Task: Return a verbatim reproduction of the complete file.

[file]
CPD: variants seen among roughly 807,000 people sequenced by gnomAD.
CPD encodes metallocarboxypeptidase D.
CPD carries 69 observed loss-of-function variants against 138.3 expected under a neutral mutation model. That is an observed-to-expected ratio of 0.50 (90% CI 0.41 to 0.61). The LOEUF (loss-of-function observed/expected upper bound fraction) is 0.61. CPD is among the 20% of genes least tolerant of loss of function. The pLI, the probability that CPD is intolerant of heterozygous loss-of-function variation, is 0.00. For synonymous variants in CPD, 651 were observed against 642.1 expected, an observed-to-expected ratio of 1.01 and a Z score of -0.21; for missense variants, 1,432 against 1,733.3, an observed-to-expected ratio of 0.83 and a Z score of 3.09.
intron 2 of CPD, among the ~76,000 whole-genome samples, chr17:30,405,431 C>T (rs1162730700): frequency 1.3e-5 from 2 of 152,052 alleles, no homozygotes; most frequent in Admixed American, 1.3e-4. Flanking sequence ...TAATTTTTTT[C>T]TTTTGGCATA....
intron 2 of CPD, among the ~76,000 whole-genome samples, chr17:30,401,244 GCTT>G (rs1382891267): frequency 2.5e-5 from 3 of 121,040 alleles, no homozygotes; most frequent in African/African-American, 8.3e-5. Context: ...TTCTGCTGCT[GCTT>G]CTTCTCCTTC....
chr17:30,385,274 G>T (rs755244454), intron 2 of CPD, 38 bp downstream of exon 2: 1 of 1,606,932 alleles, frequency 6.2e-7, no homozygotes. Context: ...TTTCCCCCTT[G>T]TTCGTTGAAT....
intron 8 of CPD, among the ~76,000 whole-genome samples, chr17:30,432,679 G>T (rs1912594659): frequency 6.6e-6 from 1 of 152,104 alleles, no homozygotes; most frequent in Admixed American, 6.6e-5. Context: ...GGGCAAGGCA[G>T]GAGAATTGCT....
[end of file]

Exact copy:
CPD: variants seen among roughly 807,000 people sequenced by gnomAD.
CPD encodes metallocarboxypeptidase D.
CPD carries 69 observed loss-of-function variants against 138.3 expected under a neutral mutation model. That is an observed-to-expected ratio of 0.50 (90% CI 0.41 to 0.61). The LOEUF (loss-of-function observed/expected upper bound fraction) is 0.61. CPD is among the 20% of genes least tolerant of loss of function. The pLI, the probability that CPD is intolerant of heterozygous loss-of-function variation, is 0.00. For synonymous variants in CPD, 651 were observed against 642.1 expected, an observed-to-expected ratio of 1.01 and a Z score of -0.21; for missense variants, 1,432 against 1,733.3, an observed-to-expected ratio of 0.83 and a Z score of 3.09.
intron 2 of CPD, among the ~76,000 whole-genome samples, chr17:30,405,431 C>T (rs1162730700): frequency 1.3e-5 from 2 of 152,052 alleles, no homozygotes; most frequent in Admixed American, 1.3e-4. Flanking sequence ...TAATTTTTTT[C>T]TTTTGGCATA....
intron 2 of CPD, among the ~76,000 whole-genome samples, chr17:30,401,244 GCTT>G (rs1382891267): frequency 2.5e-5 from 3 of 121,040 alleles, no homozygotes; most frequent in African/African-American, 8.3e-5. Context: ...TTCTGCTGCT[GCTT>G]CTTCTCCTTC....
chr17:30,385,274 G>T (rs755244454), intron 2 of CPD, 38 bp downstream of exon 2: 1 of 1,606,932 alleles, frequency 6.2e-7, no homozygotes. Context: ...TTTCCCCCTT[G>T]TTCGTTGAAT....
intron 8 of CPD, among the ~76,000 whole-genome samples, chr17:30,432,679 G>T (rs1912594659): frequency 6.6e-6 from 1 of 152,104 alleles, no homozygotes; most frequent in Admixed American, 6.6e-5. Context: ...GGGCAAGGCA[G>T]GAGAATTGCT....